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Is this our next Inquiry?

by PeakCare Qld on 13th February 2015

Home -> Articles -> 2015 -> February -> Is this our next Inquiry?

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Three Queensland inquiries into child protection in less than 15 years – two under Labor governments and one commissioned by an LNP government - says something about the complexity of the child protection system and the difficulty in achieving public confidence that the system is functioning as well as it possibly can. A recurring theme of these inquiries is has been that the child protection system has not worked well for Aboriginal and Torres Strait Islander children and families.

The 2004 Crime and Misconduct Commission reportof its inquiry into abuse of children in foster care noted the Queensland Government’s concern at the time that Aboriginal and Torres Strait Islander children represented around a quarter (23%) of those in care (p. 227). Shortly before commencement of the Carmody Child Protection Commission of Inquiry in 2012, the Queensland Aboriginal and Torres Strait Islander Child Protection Peak (QATSICPP), supported by other peak bodies and concerned organisations and individuals, launched a 37% and Rising campaign, to draw public attention to the rapid rate of increase to the grossly disproportionate representation of Aboriginal and Torres Strait Islander children at all points within the child protection system – from 23% to 37% in less than 10 years!

The campaign T-shirts and posters are all now out-of-date and have been packed away! Data reported on in the recently released Productivity Commission’s Report on Government Services 2015indicates that almost 41% of Queensland children in care are now Aboriginal or Torres Strait Islander children despite the attention given to this issue by the Carmody Inquiry. These figures come at a time when, in response to the Prime Minister’s Closing the Gap Report 2015, Reconciliation Australia CEO Justin Mohamed is calling on the Federal Government to increase efforts towards reducing inequalities between Aboriginal and Torres Strait Islander peoples and other Australians. Read Reconciliation Australia’s media release here.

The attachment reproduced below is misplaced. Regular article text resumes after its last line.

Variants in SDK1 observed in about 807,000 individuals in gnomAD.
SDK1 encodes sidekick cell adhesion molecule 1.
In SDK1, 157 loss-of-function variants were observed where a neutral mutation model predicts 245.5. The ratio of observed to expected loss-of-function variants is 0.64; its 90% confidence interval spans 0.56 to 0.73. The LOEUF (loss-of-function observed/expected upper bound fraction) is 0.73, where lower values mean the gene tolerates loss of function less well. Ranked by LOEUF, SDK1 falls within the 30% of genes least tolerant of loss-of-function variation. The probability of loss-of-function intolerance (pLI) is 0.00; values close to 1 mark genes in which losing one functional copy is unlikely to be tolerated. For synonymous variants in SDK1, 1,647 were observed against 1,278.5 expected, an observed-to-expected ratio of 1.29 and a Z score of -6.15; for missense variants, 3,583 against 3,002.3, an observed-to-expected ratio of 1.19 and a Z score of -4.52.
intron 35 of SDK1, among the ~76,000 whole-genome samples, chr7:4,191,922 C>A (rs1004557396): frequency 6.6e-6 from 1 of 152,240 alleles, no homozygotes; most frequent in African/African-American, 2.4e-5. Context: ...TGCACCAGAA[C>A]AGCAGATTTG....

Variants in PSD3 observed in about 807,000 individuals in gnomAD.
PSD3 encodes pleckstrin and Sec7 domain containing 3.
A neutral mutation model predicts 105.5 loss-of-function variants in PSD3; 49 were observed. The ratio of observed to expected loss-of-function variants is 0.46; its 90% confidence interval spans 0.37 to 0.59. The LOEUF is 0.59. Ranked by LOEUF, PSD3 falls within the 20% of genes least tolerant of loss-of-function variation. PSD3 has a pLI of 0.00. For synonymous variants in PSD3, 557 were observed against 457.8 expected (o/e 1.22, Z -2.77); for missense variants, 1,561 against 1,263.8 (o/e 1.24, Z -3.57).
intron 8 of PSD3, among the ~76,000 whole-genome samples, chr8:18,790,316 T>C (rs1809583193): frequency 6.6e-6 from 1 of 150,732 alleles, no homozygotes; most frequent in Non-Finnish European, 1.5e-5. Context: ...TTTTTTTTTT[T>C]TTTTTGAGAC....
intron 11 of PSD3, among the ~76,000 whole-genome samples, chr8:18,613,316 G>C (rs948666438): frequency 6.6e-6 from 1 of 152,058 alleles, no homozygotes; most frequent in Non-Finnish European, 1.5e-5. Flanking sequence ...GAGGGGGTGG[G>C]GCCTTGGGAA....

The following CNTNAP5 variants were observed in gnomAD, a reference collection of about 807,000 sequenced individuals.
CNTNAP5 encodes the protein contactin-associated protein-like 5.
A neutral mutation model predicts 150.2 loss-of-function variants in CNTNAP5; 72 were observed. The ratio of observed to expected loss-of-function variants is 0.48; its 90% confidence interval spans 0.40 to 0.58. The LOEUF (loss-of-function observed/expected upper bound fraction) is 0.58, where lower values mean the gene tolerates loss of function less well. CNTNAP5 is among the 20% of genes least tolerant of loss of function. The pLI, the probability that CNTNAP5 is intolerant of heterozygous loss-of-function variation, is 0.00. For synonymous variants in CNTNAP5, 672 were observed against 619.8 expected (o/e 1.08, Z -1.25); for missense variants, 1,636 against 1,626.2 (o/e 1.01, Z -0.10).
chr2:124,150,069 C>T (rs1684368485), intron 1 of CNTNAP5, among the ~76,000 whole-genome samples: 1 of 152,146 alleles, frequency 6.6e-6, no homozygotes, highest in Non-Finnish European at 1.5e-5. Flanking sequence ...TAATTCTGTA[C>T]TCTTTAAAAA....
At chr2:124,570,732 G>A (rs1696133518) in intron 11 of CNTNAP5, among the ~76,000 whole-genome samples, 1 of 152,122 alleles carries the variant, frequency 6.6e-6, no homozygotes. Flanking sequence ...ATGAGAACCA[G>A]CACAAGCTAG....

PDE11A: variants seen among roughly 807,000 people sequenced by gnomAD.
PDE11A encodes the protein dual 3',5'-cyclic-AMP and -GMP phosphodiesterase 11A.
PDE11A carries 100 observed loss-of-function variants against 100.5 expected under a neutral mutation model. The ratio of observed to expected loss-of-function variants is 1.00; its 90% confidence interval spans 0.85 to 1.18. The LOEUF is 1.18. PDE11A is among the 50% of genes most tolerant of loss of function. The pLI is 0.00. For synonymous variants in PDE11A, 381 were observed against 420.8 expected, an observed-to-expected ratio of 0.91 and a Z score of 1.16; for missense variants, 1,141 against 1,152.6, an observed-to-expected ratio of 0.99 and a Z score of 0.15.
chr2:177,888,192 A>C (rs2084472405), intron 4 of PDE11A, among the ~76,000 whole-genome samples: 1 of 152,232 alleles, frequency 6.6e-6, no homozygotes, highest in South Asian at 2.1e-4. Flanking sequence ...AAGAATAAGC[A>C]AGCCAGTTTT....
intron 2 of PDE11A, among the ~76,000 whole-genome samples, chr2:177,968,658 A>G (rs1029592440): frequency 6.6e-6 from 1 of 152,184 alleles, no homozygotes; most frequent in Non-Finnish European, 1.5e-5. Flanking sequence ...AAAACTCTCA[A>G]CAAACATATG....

As noted in PeakCare’s commentary prior to the State election, addressing the worsening over-representation of Aboriginal and Torres Strait Islander children and families must be a top priority for a new Queensland government. Read this blog, watch this video, read this Brisbane Times articleor listen to this 4BC interview. Our message about this issue remains the same. In the responses provided by both the Labor Partyand the LNPto issues raised by PeakCare, both acknowledge over-representation of Aboriginal and Torres Strait Islander children and families as a major concern and both parties express commitment to addressing this concern.

It is a concern that cannot be addressed by government alone however. There are a range of moral, ethical, cultural and values-based issues to be confronted by all – government, non-government organisations, special interest groups and the general public – if we are ever going to truly listen to, walk with and work with Aboriginal and Torres Strait Islander peoples and communities on stopping this diabolical trend.

If there is a failure to do so, the question will not be whether or not the over-representation of Aboriginal and Torres Strait Islander children and families becomes the focus of the next child protection inquiry. The question will turn into, “When will this inquiry be held?”

Lindsay Wegener

Executive Director, Peakcare Qld